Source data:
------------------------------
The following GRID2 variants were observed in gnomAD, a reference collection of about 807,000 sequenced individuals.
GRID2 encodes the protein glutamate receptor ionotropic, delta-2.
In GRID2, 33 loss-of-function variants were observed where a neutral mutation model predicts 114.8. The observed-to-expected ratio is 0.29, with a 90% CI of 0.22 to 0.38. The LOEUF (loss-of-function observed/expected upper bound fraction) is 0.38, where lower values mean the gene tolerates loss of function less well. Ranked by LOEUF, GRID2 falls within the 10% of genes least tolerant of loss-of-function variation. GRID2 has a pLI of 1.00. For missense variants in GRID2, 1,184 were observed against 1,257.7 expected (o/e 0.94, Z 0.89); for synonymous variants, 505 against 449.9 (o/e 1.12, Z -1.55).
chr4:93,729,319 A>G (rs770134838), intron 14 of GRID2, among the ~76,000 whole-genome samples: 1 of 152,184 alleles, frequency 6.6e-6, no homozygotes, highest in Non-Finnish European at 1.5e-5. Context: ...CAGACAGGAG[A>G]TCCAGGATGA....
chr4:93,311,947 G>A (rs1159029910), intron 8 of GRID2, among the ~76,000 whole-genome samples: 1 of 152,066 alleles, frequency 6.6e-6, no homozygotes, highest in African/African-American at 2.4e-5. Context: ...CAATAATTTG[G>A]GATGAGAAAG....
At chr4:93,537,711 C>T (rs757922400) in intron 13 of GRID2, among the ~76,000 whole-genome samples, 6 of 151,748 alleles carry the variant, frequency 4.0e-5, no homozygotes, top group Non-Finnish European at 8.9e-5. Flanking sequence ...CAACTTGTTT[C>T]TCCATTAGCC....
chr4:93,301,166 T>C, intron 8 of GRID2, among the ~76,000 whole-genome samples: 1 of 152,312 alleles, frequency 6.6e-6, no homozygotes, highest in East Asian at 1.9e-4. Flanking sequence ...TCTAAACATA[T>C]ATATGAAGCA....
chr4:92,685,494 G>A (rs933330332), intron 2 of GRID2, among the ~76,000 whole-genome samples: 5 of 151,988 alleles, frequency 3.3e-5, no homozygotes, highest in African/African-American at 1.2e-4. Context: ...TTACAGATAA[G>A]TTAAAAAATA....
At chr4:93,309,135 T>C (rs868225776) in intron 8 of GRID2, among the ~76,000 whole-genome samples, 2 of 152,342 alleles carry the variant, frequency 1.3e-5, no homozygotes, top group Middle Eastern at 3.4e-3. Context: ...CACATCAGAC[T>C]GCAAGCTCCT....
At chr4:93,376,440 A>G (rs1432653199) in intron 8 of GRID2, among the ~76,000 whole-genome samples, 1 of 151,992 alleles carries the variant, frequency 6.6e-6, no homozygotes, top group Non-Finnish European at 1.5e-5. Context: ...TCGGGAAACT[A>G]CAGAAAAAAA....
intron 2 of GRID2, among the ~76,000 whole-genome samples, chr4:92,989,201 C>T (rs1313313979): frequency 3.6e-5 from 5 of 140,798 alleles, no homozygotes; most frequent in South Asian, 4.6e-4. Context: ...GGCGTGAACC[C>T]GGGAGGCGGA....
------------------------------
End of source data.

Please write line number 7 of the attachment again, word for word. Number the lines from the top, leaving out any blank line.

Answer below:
chr4:93,301,166 T>C, intron 8 of GRID2, among the ~76,000 whole-genome samples: 1 of 152,312 alleles, frequency 6.6e-6, no homozygotes, highest in East Asian at 1.9e-4. Flanking sequence ...TCTAAACATA[T>C]ATATGAAGCA....